The Beekeeper of Aleppo by Christy Lefteri
My rating: 5 of 5 stars
There are books that you love right from the start and books that grow on you as the author takes you on a journey to unexpected places. Lefteri's The Beekeeper of Aleppo is one of the latter.
When I first started reading it, I was really all like, what's the buzz? It read like just another refugee narrative, the story of Nuri & Afra's journey from Syria to England--I was drawing comparisons to Abdulrazak's By the Sea--but as events unfold, it becomes clear that things aren't as they initially appear. An exploration of the strange things our minds do in the face of terror and loss, Nuri's narrative appears to be reliable at first--he's the one guiding his blind wife through their perilous journey--but cracks soon appear, signalling that maybe he's not as reliable and steady as we thought he was.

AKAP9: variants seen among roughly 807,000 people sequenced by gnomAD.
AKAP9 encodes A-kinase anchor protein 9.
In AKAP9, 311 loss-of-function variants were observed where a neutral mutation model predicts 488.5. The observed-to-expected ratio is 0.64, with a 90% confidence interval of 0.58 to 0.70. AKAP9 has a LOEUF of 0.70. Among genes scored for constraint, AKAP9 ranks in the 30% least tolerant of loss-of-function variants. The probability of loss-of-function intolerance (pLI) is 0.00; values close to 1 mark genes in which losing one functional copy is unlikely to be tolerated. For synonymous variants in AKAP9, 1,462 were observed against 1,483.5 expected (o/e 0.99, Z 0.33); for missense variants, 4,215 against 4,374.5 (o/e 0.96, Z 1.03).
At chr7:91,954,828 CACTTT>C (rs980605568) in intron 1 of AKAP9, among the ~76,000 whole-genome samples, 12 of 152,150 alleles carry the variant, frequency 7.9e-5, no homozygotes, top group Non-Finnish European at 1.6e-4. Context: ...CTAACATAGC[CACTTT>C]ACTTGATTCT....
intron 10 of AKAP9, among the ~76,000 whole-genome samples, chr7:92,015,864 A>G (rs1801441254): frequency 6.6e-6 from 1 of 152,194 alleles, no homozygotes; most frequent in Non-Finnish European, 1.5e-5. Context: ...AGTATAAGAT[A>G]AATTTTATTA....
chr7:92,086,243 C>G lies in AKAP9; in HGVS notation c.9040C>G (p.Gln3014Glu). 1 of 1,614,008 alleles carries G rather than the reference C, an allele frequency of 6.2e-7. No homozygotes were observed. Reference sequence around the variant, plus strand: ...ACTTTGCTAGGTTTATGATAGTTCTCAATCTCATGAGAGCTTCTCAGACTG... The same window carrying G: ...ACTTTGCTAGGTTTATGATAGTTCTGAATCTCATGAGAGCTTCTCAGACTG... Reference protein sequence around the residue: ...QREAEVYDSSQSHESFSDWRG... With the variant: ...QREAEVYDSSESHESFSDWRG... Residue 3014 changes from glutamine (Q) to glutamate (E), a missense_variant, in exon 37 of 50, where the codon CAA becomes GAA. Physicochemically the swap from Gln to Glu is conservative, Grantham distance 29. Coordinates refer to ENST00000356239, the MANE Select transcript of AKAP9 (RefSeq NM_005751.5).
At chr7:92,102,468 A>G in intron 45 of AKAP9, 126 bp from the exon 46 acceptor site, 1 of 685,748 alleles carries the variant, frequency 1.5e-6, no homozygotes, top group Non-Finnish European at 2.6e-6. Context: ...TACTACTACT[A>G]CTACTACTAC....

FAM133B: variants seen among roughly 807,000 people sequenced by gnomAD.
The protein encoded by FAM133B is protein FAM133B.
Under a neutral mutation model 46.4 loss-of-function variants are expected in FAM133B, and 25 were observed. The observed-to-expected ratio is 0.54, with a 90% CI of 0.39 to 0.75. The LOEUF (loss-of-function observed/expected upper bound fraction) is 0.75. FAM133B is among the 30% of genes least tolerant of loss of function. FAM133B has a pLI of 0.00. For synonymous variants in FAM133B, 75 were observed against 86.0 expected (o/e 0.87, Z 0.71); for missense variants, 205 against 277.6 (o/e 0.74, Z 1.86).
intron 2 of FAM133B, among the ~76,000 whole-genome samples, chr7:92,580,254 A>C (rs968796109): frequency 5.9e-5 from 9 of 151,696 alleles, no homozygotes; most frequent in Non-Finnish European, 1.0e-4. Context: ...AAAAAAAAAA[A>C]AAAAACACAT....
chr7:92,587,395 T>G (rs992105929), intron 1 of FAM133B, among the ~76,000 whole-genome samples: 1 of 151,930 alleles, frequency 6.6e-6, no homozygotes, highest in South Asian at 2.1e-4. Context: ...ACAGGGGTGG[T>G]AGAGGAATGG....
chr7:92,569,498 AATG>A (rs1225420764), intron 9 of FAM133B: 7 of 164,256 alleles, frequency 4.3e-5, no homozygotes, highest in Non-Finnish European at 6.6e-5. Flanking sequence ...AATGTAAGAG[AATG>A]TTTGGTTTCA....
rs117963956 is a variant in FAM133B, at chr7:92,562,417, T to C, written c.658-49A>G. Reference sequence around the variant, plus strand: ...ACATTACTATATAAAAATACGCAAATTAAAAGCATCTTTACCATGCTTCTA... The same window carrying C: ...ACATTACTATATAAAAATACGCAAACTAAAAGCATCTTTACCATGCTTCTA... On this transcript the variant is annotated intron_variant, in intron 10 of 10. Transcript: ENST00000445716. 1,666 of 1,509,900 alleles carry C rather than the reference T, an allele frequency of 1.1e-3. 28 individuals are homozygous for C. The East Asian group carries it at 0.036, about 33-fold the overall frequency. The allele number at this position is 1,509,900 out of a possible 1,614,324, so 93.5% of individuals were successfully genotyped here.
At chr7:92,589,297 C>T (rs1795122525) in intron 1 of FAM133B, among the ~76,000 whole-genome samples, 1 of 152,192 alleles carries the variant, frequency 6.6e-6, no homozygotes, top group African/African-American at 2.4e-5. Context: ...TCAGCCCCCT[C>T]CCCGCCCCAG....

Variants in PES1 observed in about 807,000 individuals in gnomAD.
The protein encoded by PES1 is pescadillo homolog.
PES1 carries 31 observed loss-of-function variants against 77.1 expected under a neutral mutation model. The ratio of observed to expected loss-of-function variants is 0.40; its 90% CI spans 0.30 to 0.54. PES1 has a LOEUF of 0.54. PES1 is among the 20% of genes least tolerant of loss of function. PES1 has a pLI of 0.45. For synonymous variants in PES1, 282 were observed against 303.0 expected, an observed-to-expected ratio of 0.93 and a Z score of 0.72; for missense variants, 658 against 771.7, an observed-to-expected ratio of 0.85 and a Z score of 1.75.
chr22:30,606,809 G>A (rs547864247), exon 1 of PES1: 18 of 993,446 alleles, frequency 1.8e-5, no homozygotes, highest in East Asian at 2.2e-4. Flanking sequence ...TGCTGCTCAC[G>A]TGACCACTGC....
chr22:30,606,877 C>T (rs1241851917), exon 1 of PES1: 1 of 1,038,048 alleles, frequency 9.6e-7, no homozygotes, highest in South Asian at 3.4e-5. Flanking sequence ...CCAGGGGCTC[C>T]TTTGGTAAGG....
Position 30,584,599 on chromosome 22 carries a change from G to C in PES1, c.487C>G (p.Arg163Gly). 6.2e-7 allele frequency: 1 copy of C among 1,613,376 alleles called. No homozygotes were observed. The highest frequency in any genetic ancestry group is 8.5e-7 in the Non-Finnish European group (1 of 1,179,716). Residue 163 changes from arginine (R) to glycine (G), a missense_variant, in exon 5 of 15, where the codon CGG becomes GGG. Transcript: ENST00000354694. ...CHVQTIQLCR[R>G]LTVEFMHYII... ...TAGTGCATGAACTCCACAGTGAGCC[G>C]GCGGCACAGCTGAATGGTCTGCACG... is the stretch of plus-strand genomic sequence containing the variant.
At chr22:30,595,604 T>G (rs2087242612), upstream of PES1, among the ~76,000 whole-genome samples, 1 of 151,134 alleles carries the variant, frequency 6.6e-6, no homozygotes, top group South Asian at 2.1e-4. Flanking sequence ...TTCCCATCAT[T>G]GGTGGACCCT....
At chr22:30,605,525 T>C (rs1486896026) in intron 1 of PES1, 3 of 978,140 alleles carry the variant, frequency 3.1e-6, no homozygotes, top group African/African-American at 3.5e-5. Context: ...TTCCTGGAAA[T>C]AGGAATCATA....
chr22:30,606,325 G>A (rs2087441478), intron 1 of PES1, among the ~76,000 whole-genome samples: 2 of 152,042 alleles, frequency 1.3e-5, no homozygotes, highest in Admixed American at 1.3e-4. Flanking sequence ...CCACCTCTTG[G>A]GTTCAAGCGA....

Lefteri switches seamlessly between present and past, each section linked by a key thought, idea, or image. There is a sense of mystery, a sense of "what are you not telling us?" as you read, akin to Oyeyemi's White is for Witching; not the kind that leaves you unsatisfied, but the type that leaves you hoping that the next word, the next paragraph, the next page will reveal what you really need to know. It's beautifully crafted, like a hook in your soul that draws you further on, deeper in, to a kind of inevitability I felt while reading Blackberry and Wild Rose.
As Lefteri leaves the whimsical and hard truths are revealed, the book turns sad and sorrowful. A heaviness sits in your soul, not just because terrible things happened to this refugee couple, but because terrible things are still happening to real, living refugees in our war-torn world. I admit to tearing up at the end of the book, not something I do very often (as much as I read and feel emotionally, tears are often hard to come by). It also ends with hope.
I received a complimentary copy of this book from Bonnier Zaffre via Netgalley. Opinions expressed in this review are completely my own.
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